The woman caught in adultery hadn’t straightened up her act just yet. John enlightens us with the fact that the woman brought before Jesus by the Pharisees had been caught in adultery, in the very act! We can’t be too hard on the Pharisees in that they were questioning, perhaps from their hardened hearts and self-righteous traditions, what should be done with her. Their religious laws and long-held traditions had taught them this woman should be stoned to death. But Jesus’s response blew all of that out of the water.
“He who is without sin among you, let him throw a stone at her first.” (John 8:7)
When each of them began to take survey in their own heart of hearts, they soon realized they had their own issues to compartmentalize and surrender. They, too, needed forgiveness. They, too, had once been unlearned or ignorant of God’s Word. At one time, each Pharisaical follower found themselves, and were being discovered even then, in need of grace.
But the story doesn’t end there. Jesus did not send her back into that condemnable lifestyle. In fact, He offered her an opportunity to turn things around.
- Jesus offered this sinner the benefit of the doubt. The very phrase “benefit of the doubt” means you’re willing to believe what someone says when hard evidence is hard to come by. ♦ While we don’t know exactly what Jesus was writing in the ground that day (John 8:6-8), waiting for her accusers to bring forth some viable evidence of her sin, He was letting her know, “You may be guilty. You very well may be a sinner. But I am willing to believe you desire to change.”
- Jesus made it clear that all have sinned and fallen short of the glory of God (Rom 3:23, John 8:7). It is quite possible that Jesus began to write down in the dirt the many sins of the accusers who drug this woman out of her sinful act. Whatever He wrote that day reminded each and every one of them that their own sin deprived them of their right to shame her. I’m convinced that if those same men had brought her forward to Jesus in a humble manner, confessing their own sin, and seeking some help for her, all present would have walked away, better for it. But they came in with self-righteousness, puffed up in their own minds and hearts, and trampling her life beneath their pride.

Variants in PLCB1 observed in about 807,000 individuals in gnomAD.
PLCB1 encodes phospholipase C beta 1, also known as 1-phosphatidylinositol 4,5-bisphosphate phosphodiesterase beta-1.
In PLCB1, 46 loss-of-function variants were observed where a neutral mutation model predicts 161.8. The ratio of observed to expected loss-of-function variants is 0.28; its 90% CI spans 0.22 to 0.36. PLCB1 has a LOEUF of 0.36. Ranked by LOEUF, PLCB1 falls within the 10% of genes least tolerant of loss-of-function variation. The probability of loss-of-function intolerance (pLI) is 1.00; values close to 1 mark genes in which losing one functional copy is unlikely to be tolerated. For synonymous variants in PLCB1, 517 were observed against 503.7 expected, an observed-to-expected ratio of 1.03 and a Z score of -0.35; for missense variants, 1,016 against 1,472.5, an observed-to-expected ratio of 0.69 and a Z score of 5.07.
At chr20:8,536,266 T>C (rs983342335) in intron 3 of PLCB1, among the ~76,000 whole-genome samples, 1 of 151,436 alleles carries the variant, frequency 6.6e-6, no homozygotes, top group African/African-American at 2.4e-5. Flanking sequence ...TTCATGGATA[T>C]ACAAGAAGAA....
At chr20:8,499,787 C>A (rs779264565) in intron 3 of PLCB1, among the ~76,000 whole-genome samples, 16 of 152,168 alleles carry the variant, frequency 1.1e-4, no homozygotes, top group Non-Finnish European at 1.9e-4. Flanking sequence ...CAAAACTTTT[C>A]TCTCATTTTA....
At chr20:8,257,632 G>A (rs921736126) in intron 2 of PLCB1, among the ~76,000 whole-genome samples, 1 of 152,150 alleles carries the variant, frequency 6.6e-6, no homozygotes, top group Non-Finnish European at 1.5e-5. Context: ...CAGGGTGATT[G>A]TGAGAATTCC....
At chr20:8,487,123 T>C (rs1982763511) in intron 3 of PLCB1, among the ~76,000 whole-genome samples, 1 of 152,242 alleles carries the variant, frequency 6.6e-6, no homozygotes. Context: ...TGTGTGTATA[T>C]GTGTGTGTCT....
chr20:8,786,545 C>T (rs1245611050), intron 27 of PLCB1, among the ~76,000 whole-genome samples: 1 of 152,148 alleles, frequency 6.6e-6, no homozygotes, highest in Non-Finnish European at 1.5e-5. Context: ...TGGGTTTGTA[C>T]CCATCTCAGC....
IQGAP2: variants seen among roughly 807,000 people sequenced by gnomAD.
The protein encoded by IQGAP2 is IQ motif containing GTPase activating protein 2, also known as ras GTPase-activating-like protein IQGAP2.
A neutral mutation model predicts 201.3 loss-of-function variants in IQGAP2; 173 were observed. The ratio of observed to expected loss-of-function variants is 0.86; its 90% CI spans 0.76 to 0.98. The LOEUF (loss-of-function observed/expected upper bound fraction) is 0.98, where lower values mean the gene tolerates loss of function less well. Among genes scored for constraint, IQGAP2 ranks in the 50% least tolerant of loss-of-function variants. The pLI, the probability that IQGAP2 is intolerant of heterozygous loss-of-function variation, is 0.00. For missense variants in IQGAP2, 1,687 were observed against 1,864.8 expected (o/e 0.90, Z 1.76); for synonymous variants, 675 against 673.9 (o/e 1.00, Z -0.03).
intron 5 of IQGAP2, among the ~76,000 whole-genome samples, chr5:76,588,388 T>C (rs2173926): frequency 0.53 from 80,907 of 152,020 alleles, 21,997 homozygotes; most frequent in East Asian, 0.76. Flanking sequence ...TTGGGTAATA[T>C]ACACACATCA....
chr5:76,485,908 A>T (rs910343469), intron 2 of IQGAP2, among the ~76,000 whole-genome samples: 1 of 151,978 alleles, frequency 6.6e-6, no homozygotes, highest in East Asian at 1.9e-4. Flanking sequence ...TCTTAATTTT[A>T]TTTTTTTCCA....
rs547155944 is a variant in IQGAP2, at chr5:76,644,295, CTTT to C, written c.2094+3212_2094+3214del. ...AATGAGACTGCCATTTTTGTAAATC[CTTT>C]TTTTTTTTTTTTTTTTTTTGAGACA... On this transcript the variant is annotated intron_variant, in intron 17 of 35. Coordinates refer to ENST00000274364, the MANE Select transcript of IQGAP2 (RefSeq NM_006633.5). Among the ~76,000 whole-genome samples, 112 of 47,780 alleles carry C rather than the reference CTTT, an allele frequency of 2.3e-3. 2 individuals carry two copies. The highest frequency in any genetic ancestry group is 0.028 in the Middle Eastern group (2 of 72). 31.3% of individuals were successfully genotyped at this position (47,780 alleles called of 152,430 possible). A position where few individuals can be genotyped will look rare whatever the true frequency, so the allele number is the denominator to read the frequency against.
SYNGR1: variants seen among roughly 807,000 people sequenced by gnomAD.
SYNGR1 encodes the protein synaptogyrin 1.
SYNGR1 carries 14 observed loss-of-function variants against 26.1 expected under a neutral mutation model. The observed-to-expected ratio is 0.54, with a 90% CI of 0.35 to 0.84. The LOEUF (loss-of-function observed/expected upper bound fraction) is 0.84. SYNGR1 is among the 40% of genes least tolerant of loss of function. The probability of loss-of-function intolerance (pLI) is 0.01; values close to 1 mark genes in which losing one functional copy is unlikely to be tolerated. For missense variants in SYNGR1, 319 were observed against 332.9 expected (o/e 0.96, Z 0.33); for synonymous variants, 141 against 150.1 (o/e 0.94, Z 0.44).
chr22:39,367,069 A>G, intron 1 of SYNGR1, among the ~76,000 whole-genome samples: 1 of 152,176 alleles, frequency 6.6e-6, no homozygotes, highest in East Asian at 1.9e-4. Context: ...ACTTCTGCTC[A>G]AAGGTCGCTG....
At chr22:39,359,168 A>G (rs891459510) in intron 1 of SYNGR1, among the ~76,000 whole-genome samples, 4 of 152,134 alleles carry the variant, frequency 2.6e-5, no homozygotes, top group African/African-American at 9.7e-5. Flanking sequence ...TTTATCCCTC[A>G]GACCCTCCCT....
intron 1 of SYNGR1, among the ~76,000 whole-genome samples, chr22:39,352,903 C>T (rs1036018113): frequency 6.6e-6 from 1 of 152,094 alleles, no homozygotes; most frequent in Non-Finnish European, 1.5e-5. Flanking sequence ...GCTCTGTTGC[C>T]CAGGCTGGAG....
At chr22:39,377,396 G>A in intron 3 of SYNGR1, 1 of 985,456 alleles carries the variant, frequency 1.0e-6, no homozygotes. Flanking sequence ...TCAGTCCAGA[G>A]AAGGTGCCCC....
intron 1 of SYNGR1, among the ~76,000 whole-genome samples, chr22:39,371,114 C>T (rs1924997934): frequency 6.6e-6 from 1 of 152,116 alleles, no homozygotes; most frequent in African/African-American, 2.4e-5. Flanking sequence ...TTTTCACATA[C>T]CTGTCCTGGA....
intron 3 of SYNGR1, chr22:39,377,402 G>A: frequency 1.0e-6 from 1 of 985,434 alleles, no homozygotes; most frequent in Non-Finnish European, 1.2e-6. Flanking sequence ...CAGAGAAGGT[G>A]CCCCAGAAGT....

- Jesus offered this woman hope. “‘Woman, where are those accusers of yours? Has no one condemned you?’ She said, ‘No one, Lord.’ And Jesus said to her, ‘Neither do I condemn you; go and sin no more.'” (John 8:10-11) That day was a marked day for this sinful woman! She was found in her sin, made aware of her sin, convicted in her heart, and then given a way out. “I am the Light of the world. He who follows Me shall not walk in darkness, but have the light of life.” He let her know: Friend, this isn’t the way to live! Let me show you a better way.
Is your life a gracious welcome to the sinner ‘guest’? What about your church? Does the tidy-ness of the body at large and the facility where you meet make room for someone to make themselves at home while they unravel their sinful way of life? May we as the Body of Christ purpose to take on His Method of Operation. Let us be reminded of the value of people over “property” once again.
Dropping the stone,